For visitors to the island of Maui, Haleakala is a breathtaking National Park. It works to preserve the Haleakala Crater and the outstanding volcanic landscape. In addition, it works to protect the ecosystems in the park and the endangered animals that call the area home.
Haleakala National Park was originally part of Hawaii Volcanoes National Park but was reassigned in July 1961 as its own park. Today it contains over 30,000 acres of land, many of which are designated for wilderness. The park is open 24 hours per day, which allows visitors to experience a variety of activities from hikes to star watching to ranger-guided programs to sunsets. However, visitors should come prepared and know the area when coming in the evening or night, as the park headquarters, visitor centers and ranger stations are open only during the day.
A variety of activities are available to visitors, one of which is camping. Haleakala National Park offers three different types of camping including drive up campgrounds, wilderness cabins and wilderness campsites. The drive up campgrounds provide campers a place to pitch their tent without hiking or walking anywhere. Wilderness campsites are places to pitch your tent, which are only accessible by trail. The wilderness cabins are actual cabins but are only accessible by trails that range in length from three to nine miles. These cabins do have pit toilets and drinking water available nearby, although all water must be boiled before drinking. Each cabin also contains a wood burning stove with limited firewood, a two burner propane stove, cooking utensils and 12 padded bunks. The cabins do not have electricity. During times of drought, park officials do remove the cooking supplies, and all campers must backpack their water in.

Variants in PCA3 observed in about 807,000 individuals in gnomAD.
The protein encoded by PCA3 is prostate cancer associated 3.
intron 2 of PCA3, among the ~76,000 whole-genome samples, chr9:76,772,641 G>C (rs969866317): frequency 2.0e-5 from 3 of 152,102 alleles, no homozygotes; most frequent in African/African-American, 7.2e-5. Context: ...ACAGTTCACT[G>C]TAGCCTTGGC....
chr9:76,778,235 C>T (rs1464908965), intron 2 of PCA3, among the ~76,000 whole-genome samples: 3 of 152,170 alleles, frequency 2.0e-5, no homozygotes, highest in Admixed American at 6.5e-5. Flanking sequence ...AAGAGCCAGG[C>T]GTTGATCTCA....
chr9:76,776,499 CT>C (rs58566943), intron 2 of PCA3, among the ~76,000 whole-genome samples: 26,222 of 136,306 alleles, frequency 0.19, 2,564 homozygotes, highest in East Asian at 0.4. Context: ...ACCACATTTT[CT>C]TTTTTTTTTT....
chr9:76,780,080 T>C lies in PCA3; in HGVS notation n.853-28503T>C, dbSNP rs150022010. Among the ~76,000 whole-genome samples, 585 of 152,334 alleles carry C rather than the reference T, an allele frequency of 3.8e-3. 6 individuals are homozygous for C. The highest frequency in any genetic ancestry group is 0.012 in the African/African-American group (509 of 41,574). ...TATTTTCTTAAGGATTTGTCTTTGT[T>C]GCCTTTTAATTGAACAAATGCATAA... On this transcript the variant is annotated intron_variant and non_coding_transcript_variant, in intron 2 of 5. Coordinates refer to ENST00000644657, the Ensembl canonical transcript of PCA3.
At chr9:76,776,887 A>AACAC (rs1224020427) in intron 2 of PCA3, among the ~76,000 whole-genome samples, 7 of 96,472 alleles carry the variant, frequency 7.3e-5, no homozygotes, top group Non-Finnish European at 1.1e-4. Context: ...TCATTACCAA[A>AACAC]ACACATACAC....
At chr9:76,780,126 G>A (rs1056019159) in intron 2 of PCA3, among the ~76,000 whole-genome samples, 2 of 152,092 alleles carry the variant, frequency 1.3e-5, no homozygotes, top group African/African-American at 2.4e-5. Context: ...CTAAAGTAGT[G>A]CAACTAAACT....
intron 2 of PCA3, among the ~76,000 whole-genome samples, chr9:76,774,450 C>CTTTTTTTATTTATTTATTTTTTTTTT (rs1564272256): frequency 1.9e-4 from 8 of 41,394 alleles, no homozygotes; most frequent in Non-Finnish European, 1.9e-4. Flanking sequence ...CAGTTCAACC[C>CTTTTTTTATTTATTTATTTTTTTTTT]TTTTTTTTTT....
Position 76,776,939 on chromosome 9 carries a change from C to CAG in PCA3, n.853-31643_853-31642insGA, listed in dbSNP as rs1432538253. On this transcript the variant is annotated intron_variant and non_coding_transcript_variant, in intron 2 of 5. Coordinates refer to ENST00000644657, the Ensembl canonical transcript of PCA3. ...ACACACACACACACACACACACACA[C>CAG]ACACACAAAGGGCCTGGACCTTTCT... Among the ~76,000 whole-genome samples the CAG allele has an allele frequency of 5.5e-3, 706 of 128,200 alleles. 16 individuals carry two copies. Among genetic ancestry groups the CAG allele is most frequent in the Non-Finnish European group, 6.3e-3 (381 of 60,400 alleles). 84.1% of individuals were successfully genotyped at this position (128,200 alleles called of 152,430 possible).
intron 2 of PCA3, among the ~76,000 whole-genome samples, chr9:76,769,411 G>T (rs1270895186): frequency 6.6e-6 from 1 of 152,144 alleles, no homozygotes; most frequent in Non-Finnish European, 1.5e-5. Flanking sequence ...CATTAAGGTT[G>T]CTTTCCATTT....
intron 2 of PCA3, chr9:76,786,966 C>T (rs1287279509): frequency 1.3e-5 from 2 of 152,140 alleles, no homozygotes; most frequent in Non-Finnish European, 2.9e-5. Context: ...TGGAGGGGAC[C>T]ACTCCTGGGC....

Other activities offered at Haleakala National Park include individual and guided hikes, picnic areas, bird watching, and sky watching. Swimming is available in the freshwater streams but must be done at your own risk, as no lifeguard is present. The park does offer guided hikes, informational presentations and cultural demonstrations. More information about these can be found at the three park visitor's centers. These centers are great places to get information or talk to a park ranger, and they feature exhibits on the natural, geological and cultural heritage of the park.
Located on the island of Maui, Haleakala National Park offers the junior ranger program for children ranging in age from seven to twelve. When visiting the park, children can stop by the visitor's center and pick up an activity book appropriate for their age group. After completing the activities, children should return to the visitor center to meet with a park ranger and discuss what they learned. From there, the park ranger will make them an official junior ranger and award the child a junior ranger badge.
Haleakala National Park is home to six different, natural ecosystems due to its diverse depth from sea level to a 10,000 foot summit, which is where you can find the Haleakala Crater. These ecosystems are very fragile and contain many endangered animals and plants. In order to protect these from other animals such as wild pigs, goats and deer, a fence has been installed to surround the park, which you might notice if you travel to the edge of the park.
With a wide variety of plants and animals that can only be found in this park, Haleakala National Park is the perfect place for visitors looking to learn more or enjoy spectacular natural beauty. The park also contains a variety of features and programs, perfect for any traveler wanting to learn more.